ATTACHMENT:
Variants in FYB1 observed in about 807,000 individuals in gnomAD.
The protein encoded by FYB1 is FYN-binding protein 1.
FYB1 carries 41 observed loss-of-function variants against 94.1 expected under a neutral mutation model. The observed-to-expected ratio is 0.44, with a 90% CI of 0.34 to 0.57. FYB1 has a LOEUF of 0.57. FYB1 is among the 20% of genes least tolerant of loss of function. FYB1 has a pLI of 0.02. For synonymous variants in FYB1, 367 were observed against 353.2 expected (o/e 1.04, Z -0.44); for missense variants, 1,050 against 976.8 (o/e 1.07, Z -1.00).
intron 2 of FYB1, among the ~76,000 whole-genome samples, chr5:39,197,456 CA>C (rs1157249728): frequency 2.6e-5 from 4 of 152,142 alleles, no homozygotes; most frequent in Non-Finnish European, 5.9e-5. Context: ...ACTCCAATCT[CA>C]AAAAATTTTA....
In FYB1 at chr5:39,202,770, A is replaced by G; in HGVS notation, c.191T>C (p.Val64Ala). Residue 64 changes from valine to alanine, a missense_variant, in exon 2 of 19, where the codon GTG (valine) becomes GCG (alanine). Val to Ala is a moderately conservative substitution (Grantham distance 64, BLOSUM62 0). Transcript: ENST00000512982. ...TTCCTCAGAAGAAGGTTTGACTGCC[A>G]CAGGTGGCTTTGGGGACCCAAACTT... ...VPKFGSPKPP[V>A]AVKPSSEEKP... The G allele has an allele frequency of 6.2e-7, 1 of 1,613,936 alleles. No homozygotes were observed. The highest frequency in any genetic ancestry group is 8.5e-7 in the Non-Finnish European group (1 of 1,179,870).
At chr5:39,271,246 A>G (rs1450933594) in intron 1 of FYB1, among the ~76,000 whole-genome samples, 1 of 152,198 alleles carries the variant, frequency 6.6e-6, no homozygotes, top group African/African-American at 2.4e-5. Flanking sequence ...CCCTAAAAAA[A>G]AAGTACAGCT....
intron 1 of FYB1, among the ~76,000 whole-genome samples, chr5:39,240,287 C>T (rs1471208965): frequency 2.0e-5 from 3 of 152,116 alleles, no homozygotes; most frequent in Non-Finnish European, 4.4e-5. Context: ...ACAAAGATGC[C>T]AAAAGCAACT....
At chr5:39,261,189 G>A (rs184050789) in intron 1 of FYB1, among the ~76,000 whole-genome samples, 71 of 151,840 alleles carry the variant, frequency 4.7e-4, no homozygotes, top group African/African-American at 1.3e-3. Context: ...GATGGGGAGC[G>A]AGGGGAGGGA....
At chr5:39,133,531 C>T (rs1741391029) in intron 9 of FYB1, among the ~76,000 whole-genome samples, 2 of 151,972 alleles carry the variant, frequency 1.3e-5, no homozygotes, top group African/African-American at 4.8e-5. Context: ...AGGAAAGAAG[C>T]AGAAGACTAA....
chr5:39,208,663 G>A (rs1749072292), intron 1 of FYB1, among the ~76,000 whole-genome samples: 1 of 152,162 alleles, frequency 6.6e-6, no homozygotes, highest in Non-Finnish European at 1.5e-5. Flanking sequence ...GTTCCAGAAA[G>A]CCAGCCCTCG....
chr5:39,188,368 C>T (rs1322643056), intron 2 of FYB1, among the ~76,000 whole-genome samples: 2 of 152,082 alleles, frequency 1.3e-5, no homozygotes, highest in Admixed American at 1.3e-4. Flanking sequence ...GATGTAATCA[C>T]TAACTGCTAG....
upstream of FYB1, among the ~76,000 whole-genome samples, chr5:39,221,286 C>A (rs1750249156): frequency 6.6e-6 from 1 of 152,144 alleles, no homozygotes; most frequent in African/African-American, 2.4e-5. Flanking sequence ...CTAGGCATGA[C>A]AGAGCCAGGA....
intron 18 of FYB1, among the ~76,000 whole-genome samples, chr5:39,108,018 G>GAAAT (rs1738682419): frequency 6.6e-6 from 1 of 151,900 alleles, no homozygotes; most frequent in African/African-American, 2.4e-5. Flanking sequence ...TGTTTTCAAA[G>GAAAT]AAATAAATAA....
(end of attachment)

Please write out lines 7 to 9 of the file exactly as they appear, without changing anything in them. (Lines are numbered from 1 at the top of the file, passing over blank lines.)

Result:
intron 1 of FYB1, among the ~76,000 whole-genome samples, chr5:39,240,287 C>T (rs1471208965): frequency 2.0e-5 from 3 of 152,116 alleles, no homozygotes; most frequent in Non-Finnish European, 4.4e-5. Context: ...ACAAAGATGC[C>T]AAAAGCAACT....
At chr5:39,261,189 G>A (rs184050789) in intron 1 of FYB1, among the ~76,000 whole-genome samples, 71 of 151,840 alleles carry the variant, frequency 4.7e-4, no homozygotes, top group African/African-American at 1.3e-3. Context: ...GATGGGGAGC[G>A]AGGGGAGGGA....
At chr5:39,133,531 C>T (rs1741391029) in intron 9 of FYB1, among the ~76,000 whole-genome samples, 2 of 151,972 alleles carry the variant, frequency 1.3e-5, no homozygotes, top group African/African-American at 4.8e-5. Context: ...AGGAAAGAAG[C>T]AGAAGACTAA....